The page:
Early in the second Bush administration, Michael Chossudovsky, Canadian economist and director of the Centre for Research on Globalization, wrote about the $320-billion then being lavished on the Pentagon:

“There is no rationale for this level of military spending other than a clear intent for the United States to be the New World Empire, dominating the globe economically and militarily, including the militarization of space.”

He noted that the U.S. not only possessed laser-guided weapons with the capability of striking anywhere in the planet but under its High Altitude Auroral Rsearch Program (HAARP) had “the ability to destabilize entire national economies through climatic manipulations, without the knowledge of the enemy, and without engaging military personnel and equipment as in a conventional war.”

While the number of Americans suffering in poverty increased to 36 million – and as more families lose their homes and lines lengthen at soup kitchens – President Obama has dollars galore to build 67 new warships at a cost of nearly $25 billion, according to a new analysis of his budget by the National Priorities Project of Northampton, Massachusetts.

Yet, according to Wikipedia, “The U.S. Navy is the largest in the world; its battle fleet tonnage is greater than that of the next 13 largest navies combined” and it operates 11 super carriers as part of a 286-active ship fleet with 3,700 aircraft able to radiate power on all continents. This is but one example from the Pentagon's Department of Wretched Excess.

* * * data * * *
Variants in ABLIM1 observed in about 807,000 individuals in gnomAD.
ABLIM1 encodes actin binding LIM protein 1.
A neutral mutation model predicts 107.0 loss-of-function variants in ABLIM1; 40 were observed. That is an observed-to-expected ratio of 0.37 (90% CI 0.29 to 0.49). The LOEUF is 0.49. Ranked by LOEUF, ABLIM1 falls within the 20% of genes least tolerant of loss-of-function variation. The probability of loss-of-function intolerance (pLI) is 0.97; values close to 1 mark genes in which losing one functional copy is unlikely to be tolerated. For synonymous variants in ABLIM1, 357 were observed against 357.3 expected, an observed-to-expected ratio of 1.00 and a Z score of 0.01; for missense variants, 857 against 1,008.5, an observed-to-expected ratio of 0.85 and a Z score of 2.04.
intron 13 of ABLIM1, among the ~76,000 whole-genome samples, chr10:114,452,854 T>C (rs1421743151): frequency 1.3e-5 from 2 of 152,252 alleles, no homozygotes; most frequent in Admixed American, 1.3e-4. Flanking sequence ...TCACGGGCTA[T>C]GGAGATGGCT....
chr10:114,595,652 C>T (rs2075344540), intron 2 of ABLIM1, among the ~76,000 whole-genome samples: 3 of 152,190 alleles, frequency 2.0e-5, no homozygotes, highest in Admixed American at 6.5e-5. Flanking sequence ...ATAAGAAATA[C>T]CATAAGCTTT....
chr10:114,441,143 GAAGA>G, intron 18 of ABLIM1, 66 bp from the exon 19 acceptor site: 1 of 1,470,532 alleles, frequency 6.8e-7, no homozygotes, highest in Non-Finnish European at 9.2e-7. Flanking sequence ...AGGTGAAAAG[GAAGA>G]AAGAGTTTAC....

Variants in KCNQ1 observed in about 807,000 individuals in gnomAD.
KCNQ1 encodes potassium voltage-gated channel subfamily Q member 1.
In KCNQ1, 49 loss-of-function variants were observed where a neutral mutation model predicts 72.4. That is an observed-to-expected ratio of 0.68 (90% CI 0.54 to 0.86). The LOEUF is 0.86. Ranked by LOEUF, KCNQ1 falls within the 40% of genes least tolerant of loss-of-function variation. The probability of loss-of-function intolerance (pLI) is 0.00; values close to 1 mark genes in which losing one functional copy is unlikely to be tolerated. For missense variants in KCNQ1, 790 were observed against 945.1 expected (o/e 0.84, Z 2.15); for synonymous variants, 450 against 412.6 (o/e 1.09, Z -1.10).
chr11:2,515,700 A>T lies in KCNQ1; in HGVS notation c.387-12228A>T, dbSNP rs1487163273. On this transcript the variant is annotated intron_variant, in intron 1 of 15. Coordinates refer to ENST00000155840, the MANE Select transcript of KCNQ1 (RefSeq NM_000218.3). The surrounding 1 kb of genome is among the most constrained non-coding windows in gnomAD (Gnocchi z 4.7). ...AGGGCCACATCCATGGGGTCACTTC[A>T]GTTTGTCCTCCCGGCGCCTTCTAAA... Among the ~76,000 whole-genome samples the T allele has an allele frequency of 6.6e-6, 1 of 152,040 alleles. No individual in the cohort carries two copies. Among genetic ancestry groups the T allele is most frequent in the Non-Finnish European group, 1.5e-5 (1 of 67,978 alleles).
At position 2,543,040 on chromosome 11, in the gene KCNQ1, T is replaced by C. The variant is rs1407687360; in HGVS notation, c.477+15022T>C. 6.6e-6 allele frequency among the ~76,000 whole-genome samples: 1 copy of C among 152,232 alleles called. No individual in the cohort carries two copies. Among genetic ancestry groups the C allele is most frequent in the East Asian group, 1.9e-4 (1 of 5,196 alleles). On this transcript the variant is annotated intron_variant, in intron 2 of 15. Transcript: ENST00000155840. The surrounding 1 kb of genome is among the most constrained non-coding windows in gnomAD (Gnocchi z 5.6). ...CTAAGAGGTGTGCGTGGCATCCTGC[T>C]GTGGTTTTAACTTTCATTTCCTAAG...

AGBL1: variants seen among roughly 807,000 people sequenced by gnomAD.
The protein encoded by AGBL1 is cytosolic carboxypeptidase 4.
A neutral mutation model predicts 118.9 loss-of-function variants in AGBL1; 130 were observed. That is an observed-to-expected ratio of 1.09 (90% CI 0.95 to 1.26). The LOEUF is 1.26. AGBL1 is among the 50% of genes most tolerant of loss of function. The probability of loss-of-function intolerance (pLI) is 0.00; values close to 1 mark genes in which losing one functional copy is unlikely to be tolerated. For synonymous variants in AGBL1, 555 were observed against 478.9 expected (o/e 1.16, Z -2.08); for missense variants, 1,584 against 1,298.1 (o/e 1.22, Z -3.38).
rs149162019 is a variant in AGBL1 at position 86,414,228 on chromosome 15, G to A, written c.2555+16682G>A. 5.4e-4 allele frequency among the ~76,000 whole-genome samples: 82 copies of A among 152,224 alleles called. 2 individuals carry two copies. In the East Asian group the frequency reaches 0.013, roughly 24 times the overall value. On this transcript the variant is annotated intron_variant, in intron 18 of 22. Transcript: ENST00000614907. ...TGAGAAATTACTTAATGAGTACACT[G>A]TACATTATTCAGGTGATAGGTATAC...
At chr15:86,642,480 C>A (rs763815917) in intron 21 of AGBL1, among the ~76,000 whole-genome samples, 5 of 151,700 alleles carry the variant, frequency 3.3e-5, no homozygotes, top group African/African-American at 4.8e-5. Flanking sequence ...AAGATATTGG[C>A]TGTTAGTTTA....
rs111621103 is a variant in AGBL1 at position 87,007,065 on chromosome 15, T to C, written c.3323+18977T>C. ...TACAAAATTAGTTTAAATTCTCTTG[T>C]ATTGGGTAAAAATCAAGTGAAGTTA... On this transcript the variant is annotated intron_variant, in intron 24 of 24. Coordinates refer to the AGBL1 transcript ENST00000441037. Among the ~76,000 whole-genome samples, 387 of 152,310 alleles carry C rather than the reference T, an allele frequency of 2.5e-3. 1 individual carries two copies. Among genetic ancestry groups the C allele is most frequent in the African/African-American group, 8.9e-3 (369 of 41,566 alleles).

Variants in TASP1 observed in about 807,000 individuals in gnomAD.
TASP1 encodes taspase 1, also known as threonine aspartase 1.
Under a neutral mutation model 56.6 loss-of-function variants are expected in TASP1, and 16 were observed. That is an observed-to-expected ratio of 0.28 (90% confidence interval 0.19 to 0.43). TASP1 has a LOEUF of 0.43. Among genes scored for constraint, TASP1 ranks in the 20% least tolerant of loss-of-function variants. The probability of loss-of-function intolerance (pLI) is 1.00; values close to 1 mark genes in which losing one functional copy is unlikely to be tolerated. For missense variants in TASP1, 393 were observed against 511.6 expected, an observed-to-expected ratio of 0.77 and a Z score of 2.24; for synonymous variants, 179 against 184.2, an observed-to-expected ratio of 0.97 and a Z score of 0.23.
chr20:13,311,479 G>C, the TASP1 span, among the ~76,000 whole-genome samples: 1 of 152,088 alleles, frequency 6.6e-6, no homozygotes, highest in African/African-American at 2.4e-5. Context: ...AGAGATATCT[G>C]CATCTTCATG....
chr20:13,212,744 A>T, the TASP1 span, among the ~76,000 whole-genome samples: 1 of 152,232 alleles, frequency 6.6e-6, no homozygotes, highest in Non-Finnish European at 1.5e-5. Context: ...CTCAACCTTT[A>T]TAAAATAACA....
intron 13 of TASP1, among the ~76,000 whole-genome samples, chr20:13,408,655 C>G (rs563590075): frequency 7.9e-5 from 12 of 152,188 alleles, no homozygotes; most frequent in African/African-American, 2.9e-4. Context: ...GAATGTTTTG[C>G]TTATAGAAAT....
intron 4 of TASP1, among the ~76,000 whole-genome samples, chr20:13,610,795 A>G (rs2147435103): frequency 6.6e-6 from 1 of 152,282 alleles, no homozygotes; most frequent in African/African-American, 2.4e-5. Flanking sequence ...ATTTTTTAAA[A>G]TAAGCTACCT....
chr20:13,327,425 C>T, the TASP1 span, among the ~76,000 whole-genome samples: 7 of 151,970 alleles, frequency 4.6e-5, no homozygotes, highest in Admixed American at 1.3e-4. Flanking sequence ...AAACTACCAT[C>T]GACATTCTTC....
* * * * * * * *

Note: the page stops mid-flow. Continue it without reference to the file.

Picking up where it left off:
As William Hartung of the New America Foundation pointed out in “Foreign Policy in Focus” last year, “any real savings in U.S. military spending would need to be accompanied by a reduction in U.S. 'global reach' – in the hundreds of major military facilities it controls in Africa, Asia, Europe and Latin America.”

Yet, he said, “U.S. overseas-basing arrangements have been on the rise, not only in Iraq and Afghanistan themselves but in bordering nations.”

Today, there are approximately 800 U.S. military bases overseas plus an estimated 1,000 stateside. For several years now, the Pentagon has been spending more money for war each year than all state governments combined spend for the health, education, welfare, and safety of 308 million Americans – and Obama is continuing this course.

Example: The New Haven Independent reported Feb. 21 that Mayor John DeStafano is calling for belt-tightening by city workers to bridge a $5.5 million gap in this year's budget and a $22 million gap next year.

Protesters responded by standing in front of City Hall with signs noting that Congress is taking $84 million from the pockets of New Haven residents this year to fight the Iraq-Afghan wars. This scenario is being repeated by cities and states everywhere.

“The President,” wrote Reich in a Feb. 17 essay, “has already fallen into the (Republican) trap by calling for budget cuts in programs the poor and working class depend on – assistance with home heating, community services, college loans, and the like.”

That's a charitable view of the president. If one just looked at the budgetary numbers and the priorities they reflect, Mr. Obama would seem to fit into a long line of imperialist warmongers having scant regard for peoples abroad whom the U.S. war machine is destroying or the people at home whom the U.S. government is neglecting.

As for Obama’s observance of Rev. Martin Luther King's recent birthday, he might have done better to ponder King's words:

“A nation that continues year after year to spend more money on military defense than on programs of social uplift is approaching spiritual death.” Because that's what's happening.

Sherwood Ross is a former civil rights executive and wire service columnist. To comment or support his Anti-War News Service reach him at